Coronary heart disease, as a chronic condition, caused the further cardiac damage and death (14, 15). Patients with CHD might be individual differences in pathogenesis, disease progression, and genetic background, which need combination of several conventional Western medicines to relief symptoms and the risk of adverse effects would increase. Also, the patients with CHD require long-term medical care to improve their quality of life and reduce morbidity and mortality (16). Traditional Chinese medicine (TCM) is of natural origin, without many adverse effects (17), which would be a relatively safe treatment. TCM with multitargets, multipathways, and individual regimen is significant complementary to the Western medicine and is an effectively alternative therapy for the patients, therefore commonly used in CHD treatments in China and other Asian countries (18). Although it is always reported that many TCM have been widely used to treat CHD in clinical practice, there are still lack more information on practice patterns and therapeutic effects of TCM treatment, especially for disease management and endpoints (19, 20).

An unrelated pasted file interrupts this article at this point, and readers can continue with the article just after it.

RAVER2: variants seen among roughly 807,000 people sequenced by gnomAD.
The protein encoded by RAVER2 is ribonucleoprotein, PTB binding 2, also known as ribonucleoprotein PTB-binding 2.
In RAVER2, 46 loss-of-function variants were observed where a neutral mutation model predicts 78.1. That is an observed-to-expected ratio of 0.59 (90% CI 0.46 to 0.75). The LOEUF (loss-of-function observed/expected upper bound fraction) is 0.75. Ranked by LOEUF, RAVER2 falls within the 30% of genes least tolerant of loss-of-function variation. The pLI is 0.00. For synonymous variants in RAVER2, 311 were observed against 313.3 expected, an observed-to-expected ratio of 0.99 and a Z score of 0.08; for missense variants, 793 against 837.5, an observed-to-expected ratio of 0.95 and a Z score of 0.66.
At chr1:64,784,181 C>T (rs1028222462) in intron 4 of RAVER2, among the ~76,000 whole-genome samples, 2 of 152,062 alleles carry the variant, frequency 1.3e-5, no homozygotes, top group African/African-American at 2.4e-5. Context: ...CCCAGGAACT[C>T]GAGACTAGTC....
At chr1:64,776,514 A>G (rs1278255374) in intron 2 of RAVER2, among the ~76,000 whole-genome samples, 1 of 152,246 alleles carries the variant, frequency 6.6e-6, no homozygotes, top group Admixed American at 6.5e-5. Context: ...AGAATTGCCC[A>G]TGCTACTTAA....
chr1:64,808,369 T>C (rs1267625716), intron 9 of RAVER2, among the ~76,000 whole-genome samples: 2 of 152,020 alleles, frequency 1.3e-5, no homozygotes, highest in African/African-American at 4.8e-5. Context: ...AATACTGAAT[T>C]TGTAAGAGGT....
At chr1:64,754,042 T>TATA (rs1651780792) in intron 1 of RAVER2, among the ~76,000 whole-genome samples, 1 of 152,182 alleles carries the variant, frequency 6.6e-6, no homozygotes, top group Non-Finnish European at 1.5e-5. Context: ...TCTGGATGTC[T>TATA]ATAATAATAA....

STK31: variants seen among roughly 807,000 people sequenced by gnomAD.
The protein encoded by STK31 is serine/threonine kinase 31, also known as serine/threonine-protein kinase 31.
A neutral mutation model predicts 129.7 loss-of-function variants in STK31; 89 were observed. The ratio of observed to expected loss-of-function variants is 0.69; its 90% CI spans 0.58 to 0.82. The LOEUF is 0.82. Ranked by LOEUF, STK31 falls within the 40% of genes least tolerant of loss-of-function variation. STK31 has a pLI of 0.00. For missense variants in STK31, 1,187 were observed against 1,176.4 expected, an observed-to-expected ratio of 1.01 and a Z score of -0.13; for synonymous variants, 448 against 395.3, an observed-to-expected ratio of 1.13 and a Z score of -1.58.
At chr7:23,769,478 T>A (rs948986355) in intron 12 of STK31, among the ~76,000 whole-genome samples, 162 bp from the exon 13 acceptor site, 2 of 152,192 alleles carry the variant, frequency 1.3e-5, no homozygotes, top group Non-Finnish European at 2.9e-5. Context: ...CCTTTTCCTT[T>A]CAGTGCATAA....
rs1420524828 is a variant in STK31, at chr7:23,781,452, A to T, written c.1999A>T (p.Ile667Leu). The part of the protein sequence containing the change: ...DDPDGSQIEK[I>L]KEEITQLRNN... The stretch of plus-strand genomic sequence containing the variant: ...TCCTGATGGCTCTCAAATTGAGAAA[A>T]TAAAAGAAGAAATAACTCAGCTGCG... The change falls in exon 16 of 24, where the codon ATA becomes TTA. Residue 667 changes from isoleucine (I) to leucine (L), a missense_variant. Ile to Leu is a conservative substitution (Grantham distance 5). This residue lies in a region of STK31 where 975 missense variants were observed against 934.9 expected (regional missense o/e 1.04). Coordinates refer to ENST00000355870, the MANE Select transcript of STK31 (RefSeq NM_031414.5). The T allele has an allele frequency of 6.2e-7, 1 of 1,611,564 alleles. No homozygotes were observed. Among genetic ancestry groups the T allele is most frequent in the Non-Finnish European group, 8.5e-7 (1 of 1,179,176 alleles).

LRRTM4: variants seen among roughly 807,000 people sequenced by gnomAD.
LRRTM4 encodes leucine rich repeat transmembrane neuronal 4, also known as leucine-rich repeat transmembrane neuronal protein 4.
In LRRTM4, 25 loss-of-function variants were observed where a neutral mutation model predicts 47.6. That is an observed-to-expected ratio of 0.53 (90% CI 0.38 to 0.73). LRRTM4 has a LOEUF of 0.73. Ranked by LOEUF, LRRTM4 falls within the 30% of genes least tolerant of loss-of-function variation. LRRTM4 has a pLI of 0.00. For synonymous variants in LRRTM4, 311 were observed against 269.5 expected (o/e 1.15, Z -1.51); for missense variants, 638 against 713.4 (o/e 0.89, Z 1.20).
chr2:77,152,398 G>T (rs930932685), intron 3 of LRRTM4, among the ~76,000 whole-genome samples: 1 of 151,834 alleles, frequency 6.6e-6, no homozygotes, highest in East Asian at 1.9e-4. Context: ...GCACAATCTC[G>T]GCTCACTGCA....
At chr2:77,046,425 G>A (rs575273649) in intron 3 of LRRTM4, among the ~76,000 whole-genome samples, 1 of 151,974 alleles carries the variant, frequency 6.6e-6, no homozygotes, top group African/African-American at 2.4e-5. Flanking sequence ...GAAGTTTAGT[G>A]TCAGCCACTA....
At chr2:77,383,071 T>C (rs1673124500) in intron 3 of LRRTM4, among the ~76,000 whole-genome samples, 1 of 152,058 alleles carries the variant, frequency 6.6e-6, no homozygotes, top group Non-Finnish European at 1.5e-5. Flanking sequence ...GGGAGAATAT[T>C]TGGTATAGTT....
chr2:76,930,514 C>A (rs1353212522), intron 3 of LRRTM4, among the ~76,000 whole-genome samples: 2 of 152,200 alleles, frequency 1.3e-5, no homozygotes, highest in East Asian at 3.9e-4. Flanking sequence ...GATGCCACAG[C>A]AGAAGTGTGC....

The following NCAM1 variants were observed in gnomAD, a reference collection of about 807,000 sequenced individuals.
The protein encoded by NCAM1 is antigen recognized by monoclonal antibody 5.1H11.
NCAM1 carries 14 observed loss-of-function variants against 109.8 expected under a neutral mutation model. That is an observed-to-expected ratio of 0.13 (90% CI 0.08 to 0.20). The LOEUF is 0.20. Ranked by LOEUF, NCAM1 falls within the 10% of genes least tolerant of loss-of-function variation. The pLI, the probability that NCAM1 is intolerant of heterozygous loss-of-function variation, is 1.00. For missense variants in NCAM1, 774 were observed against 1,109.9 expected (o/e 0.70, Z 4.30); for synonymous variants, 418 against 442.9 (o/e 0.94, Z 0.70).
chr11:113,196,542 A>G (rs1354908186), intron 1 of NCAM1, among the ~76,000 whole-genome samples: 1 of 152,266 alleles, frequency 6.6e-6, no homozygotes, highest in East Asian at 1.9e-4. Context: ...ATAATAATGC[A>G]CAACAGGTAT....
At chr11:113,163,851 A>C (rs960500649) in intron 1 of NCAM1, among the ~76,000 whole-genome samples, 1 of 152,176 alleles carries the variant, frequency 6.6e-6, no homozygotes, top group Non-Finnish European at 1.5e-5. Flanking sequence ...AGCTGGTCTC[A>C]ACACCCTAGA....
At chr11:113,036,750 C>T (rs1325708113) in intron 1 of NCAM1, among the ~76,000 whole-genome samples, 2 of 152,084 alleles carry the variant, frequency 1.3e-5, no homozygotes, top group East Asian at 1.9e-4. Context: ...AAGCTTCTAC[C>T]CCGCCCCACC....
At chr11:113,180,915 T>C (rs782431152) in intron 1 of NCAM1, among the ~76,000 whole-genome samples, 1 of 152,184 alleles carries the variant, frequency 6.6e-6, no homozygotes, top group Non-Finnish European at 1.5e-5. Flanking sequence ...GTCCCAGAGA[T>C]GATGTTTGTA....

Accordingly, the TCM treatment accepted by the patients with CHD was investigated and a prospective cohort study was carried out to learn about the compliance and prevalence of endpoint events in the patients with CHD after treatment of revascularization. Then, it presents a valuable individual therapy strategy with implications for disease management and endpoints for the patients with CHD.
From October 2017 to October 2019, a prospective cohort study was conducted in three representative hospitals of Tianjin. They were Tianjin Chest Hospital representing Western Medical Hospital, the Second Affiliated Hospital of Tianjin University of TCM, and the TCM Hospital of Beichen District representing TCM hospital to get the situation about the TCM treatment accepted by the patients with CHD and evaluate the therapeutic effects of TCM on the patients with CHD after treatment of revascularization. The medicines used, symptoms, and clinical endpoint events of the participants were collected in the baseline and every 3 months without interfering with the treatment of the patients.